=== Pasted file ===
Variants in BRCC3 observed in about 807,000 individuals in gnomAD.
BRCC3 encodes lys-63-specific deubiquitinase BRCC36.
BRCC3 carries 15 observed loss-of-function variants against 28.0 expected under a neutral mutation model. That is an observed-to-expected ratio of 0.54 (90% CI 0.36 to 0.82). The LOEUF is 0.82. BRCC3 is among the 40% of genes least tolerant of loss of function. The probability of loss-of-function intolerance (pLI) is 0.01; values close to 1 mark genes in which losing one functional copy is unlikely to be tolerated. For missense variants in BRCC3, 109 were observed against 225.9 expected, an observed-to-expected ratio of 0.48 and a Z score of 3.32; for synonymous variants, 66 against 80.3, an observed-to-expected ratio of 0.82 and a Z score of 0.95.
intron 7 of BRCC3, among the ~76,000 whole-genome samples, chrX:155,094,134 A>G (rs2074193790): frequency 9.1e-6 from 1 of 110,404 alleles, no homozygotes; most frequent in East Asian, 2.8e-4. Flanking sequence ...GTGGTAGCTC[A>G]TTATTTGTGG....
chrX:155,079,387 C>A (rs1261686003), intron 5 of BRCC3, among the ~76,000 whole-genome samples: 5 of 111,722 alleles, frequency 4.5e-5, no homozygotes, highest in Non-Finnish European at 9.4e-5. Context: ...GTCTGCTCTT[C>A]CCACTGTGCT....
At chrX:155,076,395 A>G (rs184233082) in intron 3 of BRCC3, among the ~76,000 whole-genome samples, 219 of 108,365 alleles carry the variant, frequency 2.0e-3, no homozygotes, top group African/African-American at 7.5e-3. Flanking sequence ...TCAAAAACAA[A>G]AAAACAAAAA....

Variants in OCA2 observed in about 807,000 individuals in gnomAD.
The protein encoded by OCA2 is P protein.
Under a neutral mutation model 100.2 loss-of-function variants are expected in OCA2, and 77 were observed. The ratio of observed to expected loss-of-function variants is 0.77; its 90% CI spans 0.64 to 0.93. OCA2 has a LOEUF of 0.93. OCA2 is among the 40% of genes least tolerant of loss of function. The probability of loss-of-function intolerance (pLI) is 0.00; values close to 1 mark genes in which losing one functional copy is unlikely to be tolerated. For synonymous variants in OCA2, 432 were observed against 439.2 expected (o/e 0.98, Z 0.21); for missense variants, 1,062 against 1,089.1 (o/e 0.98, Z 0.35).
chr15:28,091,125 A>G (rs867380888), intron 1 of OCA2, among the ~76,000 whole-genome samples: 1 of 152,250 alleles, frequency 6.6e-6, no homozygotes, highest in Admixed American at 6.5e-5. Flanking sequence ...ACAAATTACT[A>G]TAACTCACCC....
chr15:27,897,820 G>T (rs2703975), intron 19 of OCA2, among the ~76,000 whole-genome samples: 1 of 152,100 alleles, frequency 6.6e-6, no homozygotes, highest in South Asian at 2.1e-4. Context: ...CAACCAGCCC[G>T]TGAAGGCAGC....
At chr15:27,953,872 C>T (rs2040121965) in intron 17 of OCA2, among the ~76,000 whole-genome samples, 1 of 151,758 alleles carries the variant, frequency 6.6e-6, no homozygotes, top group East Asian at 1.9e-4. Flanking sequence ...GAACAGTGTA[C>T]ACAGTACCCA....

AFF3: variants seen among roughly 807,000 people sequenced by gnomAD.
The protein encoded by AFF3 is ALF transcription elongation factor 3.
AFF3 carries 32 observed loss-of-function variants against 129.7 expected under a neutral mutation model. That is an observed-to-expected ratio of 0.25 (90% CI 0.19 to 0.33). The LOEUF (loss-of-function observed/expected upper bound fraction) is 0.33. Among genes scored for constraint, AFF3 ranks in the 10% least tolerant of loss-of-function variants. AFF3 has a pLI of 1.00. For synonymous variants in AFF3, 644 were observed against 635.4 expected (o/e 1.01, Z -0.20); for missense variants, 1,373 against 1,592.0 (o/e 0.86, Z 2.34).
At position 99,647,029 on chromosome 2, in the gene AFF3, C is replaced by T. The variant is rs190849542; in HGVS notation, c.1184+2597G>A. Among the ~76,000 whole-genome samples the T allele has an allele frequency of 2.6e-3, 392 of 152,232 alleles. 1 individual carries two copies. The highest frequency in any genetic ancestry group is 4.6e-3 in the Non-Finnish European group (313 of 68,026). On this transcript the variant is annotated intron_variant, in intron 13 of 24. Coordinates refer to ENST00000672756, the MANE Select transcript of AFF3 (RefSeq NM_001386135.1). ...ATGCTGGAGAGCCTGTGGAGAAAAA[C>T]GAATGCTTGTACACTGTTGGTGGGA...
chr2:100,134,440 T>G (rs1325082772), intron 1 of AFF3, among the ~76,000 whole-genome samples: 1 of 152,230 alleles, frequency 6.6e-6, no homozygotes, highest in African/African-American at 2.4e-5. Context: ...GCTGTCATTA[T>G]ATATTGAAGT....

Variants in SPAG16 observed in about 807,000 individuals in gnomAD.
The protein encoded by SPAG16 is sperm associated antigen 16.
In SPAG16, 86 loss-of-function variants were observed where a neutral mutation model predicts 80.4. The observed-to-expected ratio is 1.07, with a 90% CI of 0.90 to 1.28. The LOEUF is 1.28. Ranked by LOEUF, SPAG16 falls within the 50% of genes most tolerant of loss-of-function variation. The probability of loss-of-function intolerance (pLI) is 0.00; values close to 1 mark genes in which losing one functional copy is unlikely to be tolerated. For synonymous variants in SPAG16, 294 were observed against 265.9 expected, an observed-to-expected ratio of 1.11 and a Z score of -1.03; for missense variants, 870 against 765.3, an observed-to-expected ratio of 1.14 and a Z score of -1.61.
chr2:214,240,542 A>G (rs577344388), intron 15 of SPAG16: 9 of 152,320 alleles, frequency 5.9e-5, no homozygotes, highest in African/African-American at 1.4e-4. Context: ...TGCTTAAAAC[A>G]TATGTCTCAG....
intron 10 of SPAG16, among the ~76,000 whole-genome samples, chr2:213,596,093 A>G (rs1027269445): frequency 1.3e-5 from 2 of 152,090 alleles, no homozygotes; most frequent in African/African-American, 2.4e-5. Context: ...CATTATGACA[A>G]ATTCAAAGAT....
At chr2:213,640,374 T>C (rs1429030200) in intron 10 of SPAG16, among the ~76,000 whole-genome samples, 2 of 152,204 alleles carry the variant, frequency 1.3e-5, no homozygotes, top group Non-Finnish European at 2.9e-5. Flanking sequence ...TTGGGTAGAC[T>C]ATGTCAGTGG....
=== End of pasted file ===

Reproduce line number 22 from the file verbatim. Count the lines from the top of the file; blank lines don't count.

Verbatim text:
intron 10 of SPAG16, among the ~76,000 whole-genome samples, chr2:213,596,093 A>G (rs1027269445): frequency 1.3e-5 from 2 of 152,090 alleles, no homozygotes; most frequent in African/African-American, 2.4e-5. Context: ...CATTATGACA[A>G]ATTCAAAGAT....